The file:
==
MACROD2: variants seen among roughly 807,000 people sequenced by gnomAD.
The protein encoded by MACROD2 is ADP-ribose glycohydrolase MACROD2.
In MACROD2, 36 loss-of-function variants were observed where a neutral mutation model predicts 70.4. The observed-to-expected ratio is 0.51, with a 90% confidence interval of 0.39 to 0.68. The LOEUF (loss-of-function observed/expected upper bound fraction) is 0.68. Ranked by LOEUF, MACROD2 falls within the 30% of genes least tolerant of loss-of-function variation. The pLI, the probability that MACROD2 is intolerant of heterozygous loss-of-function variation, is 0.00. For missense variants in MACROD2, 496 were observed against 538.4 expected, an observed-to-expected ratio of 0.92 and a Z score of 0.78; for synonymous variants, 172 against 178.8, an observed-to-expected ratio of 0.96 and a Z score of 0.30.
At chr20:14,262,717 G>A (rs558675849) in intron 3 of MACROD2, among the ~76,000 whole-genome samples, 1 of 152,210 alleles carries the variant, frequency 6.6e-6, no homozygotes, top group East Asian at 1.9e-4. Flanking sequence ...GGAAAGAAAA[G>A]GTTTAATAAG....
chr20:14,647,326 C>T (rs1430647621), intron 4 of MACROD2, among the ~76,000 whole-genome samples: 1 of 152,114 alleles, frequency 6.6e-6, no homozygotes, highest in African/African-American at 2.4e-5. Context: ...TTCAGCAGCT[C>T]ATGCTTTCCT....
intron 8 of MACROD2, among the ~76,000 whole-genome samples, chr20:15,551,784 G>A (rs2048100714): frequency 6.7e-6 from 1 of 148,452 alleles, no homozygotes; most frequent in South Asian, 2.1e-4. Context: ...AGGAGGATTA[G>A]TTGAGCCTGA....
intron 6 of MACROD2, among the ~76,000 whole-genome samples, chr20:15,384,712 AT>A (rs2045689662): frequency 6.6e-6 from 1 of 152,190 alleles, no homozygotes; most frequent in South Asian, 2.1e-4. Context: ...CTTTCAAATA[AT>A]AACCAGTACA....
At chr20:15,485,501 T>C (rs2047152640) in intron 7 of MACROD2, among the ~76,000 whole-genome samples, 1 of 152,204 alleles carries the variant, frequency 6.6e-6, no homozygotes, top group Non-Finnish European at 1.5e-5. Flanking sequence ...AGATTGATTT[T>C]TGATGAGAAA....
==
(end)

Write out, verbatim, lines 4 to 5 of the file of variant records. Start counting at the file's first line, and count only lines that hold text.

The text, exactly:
At chr20:14,262,717 G>A (rs558675849) in intron 3 of MACROD2, among the ~76,000 whole-genome samples, 1 of 152,210 alleles carries the variant, frequency 6.6e-6, no homozygotes, top group East Asian at 1.9e-4. Flanking sequence ...GGAAAGAAAA[G>A]GTTTAATAAG....
chr20:14,647,326 C>T (rs1430647621), intron 4 of MACROD2, among the ~76,000 whole-genome samples: 1 of 152,114 alleles, frequency 6.6e-6, no homozygotes, highest in African/African-American at 2.4e-5. Context: ...TTCAGCAGCT[C>T]ATGCTTTCCT....